He said: “He fortified himself in a way that nothing could penetrate him. He had a spiritualist/native doctor who prepared a charm that made his body to shock whoever that wants to physically harm him. And part of the requirement for this charm, which also made him invincible during battles, is human blood.
“There were some of his members who fled because of the way he shed blood for sacrifices. These were young men who had been trained as hard men, but who at some point could no longer withstand blood. They became afraid of the way they lived.”
He also said that he slipped away from the trail of security operatives when it was sure that he would be arrested because he had built up a system of “information gathering” that made it easy for him to gain useful intelligence. Saturday Telegraph investigations revealed that long before the authorities declared him the most wanted criminal in the state, he used to roam across four local government areas where members of his Iceland cult treated him as a guest. As the regional leader of the group in Abua/ Odua, Ogba/Egbema/Ndoni, Ahoada East and Ahoada West local government areas, his movements across these council areas, which were like his playground, gave him an edge over his hunters.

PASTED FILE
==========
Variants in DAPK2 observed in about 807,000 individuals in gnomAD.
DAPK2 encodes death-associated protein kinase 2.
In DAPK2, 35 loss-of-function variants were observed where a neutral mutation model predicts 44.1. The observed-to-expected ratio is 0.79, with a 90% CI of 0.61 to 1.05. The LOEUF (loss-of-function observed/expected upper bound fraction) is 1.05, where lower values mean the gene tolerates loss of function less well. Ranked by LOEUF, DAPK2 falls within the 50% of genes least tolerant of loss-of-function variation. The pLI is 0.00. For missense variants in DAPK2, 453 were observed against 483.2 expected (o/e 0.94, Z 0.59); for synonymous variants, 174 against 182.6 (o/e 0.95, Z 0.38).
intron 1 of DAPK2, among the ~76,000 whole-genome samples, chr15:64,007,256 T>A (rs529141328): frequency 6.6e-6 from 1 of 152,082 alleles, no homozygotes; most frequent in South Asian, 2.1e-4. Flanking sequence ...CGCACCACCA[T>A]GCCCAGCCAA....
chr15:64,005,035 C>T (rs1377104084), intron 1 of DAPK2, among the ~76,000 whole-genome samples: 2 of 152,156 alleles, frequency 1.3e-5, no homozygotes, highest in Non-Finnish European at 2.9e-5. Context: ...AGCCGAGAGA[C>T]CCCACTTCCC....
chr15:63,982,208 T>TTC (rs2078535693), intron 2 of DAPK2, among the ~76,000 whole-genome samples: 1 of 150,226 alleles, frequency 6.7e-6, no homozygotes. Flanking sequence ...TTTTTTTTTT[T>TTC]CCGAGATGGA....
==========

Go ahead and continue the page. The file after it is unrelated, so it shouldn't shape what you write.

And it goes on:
According to residents of Omoku, which suffered most throughout Don Waney’s reign of terror, life after his killing is inspiring new possibilities. Some say that the cult clashes in the area have robbed off negatively in terms of development.
Indeed, it is a massive area that is surrounded by oil-bearing communities that host multinational oil companies. With infrastructure that is slightly above what obtains outside most state capitals, it remains a strong reminder of how oil can impact a community. Some oil workers who worked many years ago contributed in the town’s development by building standard structures along well mapped out streets.
By then, the disagreement among some oil companies and communities, which largely revolved around community development funds, employment quota, and rents had not resorted to factions among youth groups and the chiefs/ elders. By then, the use of cult groups to settle disputes was not in vogue.